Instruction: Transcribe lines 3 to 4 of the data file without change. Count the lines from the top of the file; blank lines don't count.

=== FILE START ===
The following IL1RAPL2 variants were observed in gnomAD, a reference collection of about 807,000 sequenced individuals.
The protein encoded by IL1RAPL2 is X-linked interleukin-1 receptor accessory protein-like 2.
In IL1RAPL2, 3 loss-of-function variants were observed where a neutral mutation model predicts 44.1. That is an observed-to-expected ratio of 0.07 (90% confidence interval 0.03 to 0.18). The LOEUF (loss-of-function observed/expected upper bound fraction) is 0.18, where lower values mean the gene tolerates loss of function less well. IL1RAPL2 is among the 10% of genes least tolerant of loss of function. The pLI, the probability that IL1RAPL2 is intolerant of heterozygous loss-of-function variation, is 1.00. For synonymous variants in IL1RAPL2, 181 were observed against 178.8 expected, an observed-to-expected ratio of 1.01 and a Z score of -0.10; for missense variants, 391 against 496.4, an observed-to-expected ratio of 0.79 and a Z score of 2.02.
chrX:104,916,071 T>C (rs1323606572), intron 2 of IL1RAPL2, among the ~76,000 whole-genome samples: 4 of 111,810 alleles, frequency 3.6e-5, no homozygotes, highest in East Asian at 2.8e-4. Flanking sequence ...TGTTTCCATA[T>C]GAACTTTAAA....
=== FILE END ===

In IL1RAPL2, 3 loss-of-function variants were observed where a neutral mutation model predicts 44.1. That is an observed-to-expected ratio of 0.07 (90% confidence interval 0.03 to 0.18). The LOEUF (loss-of-function observed/expected upper bound fraction) is 0.18, where lower values mean the gene tolerates loss of function less well. IL1RAPL2 is among the 10% of genes least tolerant of loss of function. The pLI, the probability that IL1RAPL2 is intolerant of heterozygous loss-of-function variation, is 1.00. For synonymous variants in IL1RAPL2, 181 were observed against 178.8 expected, an observed-to-expected ratio of 1.01 and a Z score of -0.10; for missense variants, 391 against 496.4, an observed-to-expected ratio of 0.79 and a Z score of 2.02.
chrX:104,916,071 T>C (rs1323606572), intron 2 of IL1RAPL2, among the ~76,000 whole-genome samples: 4 of 111,810 alleles, frequency 3.6e-5, no homozygotes, highest in East Asian at 2.8e-4. Flanking sequence ...TGTTTCCATA[T>C]GAACTTTAAA....